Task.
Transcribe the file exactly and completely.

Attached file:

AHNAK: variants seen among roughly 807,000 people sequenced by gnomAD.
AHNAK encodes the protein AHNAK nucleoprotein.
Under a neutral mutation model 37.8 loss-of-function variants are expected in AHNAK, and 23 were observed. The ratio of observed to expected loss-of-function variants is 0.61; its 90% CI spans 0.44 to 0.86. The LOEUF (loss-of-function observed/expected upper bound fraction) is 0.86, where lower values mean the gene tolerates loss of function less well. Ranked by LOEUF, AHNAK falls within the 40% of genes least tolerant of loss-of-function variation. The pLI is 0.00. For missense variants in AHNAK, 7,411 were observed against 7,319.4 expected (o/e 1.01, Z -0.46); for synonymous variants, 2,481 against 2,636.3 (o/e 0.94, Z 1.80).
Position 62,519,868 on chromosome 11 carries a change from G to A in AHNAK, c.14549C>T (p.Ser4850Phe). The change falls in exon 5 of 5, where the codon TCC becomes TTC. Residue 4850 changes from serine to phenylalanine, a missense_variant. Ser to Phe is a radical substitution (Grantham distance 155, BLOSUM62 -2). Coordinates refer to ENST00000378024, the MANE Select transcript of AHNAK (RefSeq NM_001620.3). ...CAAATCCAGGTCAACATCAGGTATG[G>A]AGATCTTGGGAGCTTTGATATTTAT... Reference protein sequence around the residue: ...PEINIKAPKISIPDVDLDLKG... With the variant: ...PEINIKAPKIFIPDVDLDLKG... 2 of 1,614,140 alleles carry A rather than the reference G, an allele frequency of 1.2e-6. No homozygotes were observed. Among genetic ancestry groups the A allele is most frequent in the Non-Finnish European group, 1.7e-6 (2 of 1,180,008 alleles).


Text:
AHNAK: variants seen among roughly 807,000 people sequenced by gnomAD.
AHNAK encodes the protein AHNAK nucleoprotein.
Under a neutral mutation model 37.8 loss-of-function variants are expected in AHNAK, and 23 were observed. The ratio of observed to expected loss-of-function variants is 0.61; its 90% CI spans 0.44 to 0.86. The LOEUF (loss-of-function observed/expected upper bound fraction) is 0.86, where lower values mean the gene tolerates loss of function less well. Ranked by LOEUF, AHNAK falls within the 40% of genes least tolerant of loss-of-function variation. The pLI is 0.00. For missense variants in AHNAK, 7,411 were observed against 7,319.4 expected (o/e 1.01, Z -0.46); for synonymous variants, 2,481 against 2,636.3 (o/e 0.94, Z 1.80).
Position 62,519,868 on chromosome 11 carries a change from G to A in AHNAK, c.14549C>T (p.Ser4850Phe). The change falls in exon 5 of 5, where the codon TCC becomes TTC. Residue 4850 changes from serine to phenylalanine, a missense_variant. Ser to Phe is a radical substitution (Grantham distance 155, BLOSUM62 -2). Coordinates refer to ENST00000378024, the MANE Select transcript of AHNAK (RefSeq NM_001620.3). ...CAAATCCAGGTCAACATCAGGTATG[G>A]AGATCTTGGGAGCTTTGATATTTAT... Reference protein sequence around the residue: ...PEINIKAPKISIPDVDLDLKG... With the variant: ...PEINIKAPKIFIPDVDLDLKG... 2 of 1,614,140 alleles carry A rather than the reference G, an allele frequency of 1.2e-6. No homozygotes were observed. Among genetic ancestry groups the A allele is most frequent in the Non-Finnish European group, 1.7e-6 (2 of 1,180,008 alleles).